A similar test was run with a closure film obtained by curing a typical cold applied asphalt coating mastic used as one type of vapor seal, the cured film. thickness again being inch. This coating film had the composition of 15% fullers earth, asphalt, and 10% asbestos. Table I which follows, lists the test data for the test film comprised of our improved coating composition. Table II covers the test data for the film prepared from the asphalt mastic composition frequently used as a vapor barrier for insulation surfaces.
TABLE I Tempera- (Te st discontinued.)
Bubbles under the membrane began to form at about 0.75 lb. gage pressure. Breathing through the asphalt 7 membrane occurred from approximately 20 different holes at various times throughout the test. Maximum deformation of film was 71 inches. No failure of membrane by cracking or severe deformation was noted under Membrane burst around edge of restraining plate at 3.10 pounds per square inch pressure. No breathing action was noted prior to rupture of membrane, which indicated that film was not permeable to water vapor.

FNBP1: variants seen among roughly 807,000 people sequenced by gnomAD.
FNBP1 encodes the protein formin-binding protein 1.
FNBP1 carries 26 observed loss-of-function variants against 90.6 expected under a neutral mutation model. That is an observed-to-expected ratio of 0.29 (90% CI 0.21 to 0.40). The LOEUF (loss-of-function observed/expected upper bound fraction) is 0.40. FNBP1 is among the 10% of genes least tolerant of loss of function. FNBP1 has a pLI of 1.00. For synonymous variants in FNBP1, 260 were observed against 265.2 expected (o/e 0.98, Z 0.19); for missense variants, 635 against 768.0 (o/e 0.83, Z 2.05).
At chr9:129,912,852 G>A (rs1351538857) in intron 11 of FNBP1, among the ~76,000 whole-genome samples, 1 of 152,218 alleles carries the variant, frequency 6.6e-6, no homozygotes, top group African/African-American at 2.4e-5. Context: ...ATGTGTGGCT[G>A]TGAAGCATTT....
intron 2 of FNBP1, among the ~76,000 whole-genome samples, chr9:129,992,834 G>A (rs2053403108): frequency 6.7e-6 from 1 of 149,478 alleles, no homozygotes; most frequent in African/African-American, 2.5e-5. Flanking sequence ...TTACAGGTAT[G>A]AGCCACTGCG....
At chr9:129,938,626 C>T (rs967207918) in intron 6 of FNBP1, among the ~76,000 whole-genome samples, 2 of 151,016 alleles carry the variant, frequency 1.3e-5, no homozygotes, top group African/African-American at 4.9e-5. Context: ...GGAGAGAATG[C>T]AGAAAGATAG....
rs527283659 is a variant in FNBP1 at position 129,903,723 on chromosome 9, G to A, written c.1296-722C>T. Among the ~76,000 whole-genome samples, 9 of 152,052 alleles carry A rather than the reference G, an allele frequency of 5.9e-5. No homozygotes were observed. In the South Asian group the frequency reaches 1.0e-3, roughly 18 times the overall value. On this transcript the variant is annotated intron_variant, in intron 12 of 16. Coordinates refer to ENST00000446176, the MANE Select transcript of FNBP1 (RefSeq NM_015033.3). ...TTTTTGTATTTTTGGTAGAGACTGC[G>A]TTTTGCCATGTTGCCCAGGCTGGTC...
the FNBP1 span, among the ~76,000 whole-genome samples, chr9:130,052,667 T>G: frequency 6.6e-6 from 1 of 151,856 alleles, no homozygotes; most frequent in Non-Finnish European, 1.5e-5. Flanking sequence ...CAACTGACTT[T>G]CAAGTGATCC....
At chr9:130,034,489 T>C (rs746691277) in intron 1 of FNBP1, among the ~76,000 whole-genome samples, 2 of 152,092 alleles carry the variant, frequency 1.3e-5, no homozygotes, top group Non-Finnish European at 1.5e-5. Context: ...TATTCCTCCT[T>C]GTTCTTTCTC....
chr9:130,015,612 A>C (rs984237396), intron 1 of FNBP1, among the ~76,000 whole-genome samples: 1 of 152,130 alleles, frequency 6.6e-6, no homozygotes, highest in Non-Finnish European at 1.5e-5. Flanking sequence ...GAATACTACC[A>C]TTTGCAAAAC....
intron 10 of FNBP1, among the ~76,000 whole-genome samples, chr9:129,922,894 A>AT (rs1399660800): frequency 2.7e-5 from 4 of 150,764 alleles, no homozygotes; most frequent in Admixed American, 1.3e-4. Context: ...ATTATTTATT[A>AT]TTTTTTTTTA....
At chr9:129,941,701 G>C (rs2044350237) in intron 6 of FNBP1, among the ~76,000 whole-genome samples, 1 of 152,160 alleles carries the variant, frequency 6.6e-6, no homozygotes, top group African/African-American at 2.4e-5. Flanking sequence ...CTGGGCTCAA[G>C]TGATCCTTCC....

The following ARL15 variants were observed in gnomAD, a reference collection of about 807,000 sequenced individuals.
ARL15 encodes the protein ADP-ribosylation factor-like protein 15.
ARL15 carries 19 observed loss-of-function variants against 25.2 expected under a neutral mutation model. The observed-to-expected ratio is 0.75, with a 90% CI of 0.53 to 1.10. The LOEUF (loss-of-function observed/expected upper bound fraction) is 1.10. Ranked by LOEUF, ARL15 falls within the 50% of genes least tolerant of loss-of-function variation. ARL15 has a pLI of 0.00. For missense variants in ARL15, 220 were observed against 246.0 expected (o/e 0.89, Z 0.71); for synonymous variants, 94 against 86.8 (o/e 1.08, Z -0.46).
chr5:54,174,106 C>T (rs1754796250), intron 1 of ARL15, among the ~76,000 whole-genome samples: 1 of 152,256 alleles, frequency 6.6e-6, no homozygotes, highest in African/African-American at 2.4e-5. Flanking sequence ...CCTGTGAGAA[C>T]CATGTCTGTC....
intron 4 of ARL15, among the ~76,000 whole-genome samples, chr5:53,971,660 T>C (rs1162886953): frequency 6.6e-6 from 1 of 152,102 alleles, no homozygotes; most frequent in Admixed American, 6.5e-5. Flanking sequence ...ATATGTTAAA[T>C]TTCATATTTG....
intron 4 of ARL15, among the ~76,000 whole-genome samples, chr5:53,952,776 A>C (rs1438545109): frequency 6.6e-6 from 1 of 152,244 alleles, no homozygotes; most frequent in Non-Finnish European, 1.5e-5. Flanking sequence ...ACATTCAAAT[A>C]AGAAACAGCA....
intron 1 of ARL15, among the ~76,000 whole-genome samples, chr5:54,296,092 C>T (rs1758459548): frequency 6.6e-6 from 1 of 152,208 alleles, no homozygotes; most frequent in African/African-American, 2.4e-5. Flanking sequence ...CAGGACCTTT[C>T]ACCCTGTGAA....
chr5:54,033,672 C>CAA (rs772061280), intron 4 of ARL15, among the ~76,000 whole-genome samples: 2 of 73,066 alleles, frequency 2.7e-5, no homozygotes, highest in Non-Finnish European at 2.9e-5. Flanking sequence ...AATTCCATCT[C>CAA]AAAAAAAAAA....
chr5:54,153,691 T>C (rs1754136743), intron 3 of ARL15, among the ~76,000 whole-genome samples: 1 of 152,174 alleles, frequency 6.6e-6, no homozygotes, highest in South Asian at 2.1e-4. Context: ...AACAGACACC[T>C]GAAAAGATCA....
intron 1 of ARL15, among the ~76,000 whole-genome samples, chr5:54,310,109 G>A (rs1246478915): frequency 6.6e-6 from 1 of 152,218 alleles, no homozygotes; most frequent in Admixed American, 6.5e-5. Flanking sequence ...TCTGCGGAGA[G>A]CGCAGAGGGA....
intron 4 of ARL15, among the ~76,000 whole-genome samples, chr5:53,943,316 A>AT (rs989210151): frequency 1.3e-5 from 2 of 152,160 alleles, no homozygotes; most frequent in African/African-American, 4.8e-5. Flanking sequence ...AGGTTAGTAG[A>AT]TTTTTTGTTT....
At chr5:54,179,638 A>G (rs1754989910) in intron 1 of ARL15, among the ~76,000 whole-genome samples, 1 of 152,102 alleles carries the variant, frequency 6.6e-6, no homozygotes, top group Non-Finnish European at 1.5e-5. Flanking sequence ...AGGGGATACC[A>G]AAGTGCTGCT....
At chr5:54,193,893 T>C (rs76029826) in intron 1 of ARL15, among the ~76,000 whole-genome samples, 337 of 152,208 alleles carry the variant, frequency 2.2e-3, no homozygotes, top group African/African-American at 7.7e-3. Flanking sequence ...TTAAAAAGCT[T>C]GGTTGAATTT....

Maximum deformation of test membrane was /8 inch. Rupture occurred on under side of test membrane, with a crack being evident completely around circumference of the cup opening outlined by restraining ring.
The breathing action and stiffness of the membrane prepared from our improved composition permitted escape of gas to decrease the pressure before excessive deformation of the membrane occurred. The slight deformation observed with our membrane actually permitted the vapor transmission rate of the film to greatly increase, in addition to the normally high vapor trans mission inherent in the coating, and the ability of the coating to increase its vapor transmission rate with increase in the vapor pressure is very'important, and in efiect acts as a safety valve for the cured film under extreme condition of high temperatureand pressure as in this test.
- The vapor seal type of coating membrane prepared from the mastic material did not develop openings to permit escape of gas until general failure had occurred at 3.10 pounds vapor pressure.